But Dr. Patterson’s post-controversy responses have been troubling. They have spanned the globe from a sorry/not sorry response to a more belligerent response. Had he just said, “I’m sorry, I said it badly 18 years ago,” things might be much better. Bad apologies always make things worse. From what I have read and heard, the responses to Dr. Patterson’s apologies has been worse than to his actual statement.
5. Any leader who refuses criticism is headed for trouble.
This is a problem with many pastors, and with organizational leaders as well. My deacons feel every freedom to tell me that they do not agree with my ideas and that they think I am wrong. As a matter of fact, they practice that often. I believe they respect me as a leader but when we sit at our conference table they have no compunction about disagreeing with me.
When a leader attacks people who express disagreement with him, that is not a good sign.
6. On the other hand, employees should express disagreement privately.
I know very few of the details about the SWBTS employee fired for his social media activity this week.I was under high levels of Dilaudid and having trouble remembering what planet I was on. That’s fine. I don’t want to speak directly to that situation. I can say this. I have an associate pastor named Bob. Bob can come into my office and say, “I am angry at you, Dave.” He can tell me he disagrees with me. He’s done it more than once. Recently, I knew he had a different position than I did on a major business discussion we were having at church and I repeatedly encouraged him to express his views that were counter to mine. But if Bob got up at church and spoke against me or went on social media and called me names, we’d have problems.
There’s a time and a place for everything.
Any leader should be willing to receive criticism and rebuke but employees must be careful about how they level those.
7. This is why we have Trustees.
I don’t think I am letting any cats out of any bags when I say that SWBTS is a seminary with some issues. If the numbers I have seen are correct the FTE stats are not looking great and there are some financial issues that have to be faced. When I attended SWBTS it was the largest seminary in the world. That is no longer the case.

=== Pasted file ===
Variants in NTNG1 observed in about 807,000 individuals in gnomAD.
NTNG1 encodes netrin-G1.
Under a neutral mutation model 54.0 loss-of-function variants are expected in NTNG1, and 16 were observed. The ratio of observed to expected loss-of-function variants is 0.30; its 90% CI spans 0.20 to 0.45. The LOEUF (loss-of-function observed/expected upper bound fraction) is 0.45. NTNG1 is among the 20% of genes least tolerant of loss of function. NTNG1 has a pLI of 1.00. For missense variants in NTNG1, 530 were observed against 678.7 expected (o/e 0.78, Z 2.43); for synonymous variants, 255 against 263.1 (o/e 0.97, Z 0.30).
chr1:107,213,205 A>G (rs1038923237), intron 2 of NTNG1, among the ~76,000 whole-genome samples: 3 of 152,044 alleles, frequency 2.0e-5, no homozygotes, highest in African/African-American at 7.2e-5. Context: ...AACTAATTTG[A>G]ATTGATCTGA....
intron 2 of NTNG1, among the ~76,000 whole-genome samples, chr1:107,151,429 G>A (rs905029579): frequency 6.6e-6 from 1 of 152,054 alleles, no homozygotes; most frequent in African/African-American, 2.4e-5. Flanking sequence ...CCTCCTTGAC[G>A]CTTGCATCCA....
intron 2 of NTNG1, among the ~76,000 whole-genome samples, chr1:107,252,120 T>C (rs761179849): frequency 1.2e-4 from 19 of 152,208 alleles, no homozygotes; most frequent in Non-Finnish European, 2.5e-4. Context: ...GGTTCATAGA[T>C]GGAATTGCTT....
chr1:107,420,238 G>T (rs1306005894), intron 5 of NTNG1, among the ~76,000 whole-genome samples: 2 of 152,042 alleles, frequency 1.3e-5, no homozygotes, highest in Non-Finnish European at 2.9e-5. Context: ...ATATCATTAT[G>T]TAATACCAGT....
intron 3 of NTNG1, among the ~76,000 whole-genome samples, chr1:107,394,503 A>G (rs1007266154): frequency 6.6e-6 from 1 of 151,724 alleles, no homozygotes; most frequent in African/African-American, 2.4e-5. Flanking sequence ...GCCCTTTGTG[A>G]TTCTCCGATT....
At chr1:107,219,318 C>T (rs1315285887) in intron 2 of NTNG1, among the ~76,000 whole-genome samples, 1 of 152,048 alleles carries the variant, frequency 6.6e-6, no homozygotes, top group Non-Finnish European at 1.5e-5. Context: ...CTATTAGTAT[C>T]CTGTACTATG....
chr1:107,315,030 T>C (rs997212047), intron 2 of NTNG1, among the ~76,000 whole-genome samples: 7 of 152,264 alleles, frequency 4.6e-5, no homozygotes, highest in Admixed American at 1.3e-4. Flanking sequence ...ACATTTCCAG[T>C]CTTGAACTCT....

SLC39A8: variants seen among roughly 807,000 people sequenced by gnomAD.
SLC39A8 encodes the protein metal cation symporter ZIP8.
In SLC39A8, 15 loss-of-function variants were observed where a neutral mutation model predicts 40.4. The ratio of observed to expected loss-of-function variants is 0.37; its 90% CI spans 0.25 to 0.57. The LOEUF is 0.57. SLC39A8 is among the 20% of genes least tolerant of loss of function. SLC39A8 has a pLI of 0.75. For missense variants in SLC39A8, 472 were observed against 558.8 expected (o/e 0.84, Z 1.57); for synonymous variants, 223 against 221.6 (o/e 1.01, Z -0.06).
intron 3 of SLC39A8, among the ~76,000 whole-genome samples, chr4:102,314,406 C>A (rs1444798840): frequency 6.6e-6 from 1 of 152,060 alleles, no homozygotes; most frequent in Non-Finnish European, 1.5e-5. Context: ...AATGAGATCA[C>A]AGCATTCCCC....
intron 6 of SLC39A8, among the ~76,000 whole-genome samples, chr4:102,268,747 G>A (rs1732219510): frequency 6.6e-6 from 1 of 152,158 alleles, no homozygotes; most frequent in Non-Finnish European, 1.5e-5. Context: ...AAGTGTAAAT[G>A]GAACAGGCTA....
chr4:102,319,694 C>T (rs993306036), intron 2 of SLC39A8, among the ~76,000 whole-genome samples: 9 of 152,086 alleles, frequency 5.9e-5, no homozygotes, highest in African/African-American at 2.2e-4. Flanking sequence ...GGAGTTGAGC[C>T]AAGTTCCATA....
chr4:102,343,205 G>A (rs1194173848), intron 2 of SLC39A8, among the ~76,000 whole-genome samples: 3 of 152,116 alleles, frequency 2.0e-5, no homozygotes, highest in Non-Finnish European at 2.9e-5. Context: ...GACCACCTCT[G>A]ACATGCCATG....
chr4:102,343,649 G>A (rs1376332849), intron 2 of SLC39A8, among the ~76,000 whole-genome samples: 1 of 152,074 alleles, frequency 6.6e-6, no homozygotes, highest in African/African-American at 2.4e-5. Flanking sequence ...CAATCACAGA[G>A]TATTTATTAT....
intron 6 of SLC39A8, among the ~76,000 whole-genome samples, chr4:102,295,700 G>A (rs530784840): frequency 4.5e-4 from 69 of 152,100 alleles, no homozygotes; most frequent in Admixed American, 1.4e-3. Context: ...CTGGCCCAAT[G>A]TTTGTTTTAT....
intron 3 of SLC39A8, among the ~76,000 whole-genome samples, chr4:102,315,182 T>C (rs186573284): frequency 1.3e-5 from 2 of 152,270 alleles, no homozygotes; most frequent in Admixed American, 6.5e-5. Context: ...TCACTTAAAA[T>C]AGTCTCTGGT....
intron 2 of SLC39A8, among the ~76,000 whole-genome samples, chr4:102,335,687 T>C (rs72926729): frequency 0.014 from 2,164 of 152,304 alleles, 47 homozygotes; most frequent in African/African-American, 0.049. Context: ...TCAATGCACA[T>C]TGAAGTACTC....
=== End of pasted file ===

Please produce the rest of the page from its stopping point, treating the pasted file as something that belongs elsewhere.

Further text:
I have seen tweets and Facebook posts calling for Dr. Patterson to be fired. I will not do that. There’s a reason for that.
We have a Board of Trustees there and they have been given the duty to oversee the seminary. One of the men I trust most in the world is on that board and I believe that when they meet they will do what is best for SWBTS. I hope and pray they will make every decision based on what is best for this important institution and its future.
I trust the Trustees to handle this. If they don’t, my alma mater may be in a world of hurt.
8. The SBC Annual Meeting might be a zoo if we don’t deal with this.
If we thought the Alt-right kerfuffle was a mess last year, the #MeToo morass this year will make it look like a Sunday School picnic. We can argue whether that is fair or not, but whatever message we want to send is going to be lost in national media fury. The national media is not exactly sympathetic to a conservative, complementarian denomination. The leading critics of Dr. Patterson are hostile to our complementarian views.
This issue ought not simply to be left to fester.
I would encourage the Trustees at SWBTS and the leadership of the SBC seriously examine these things and make careful decision.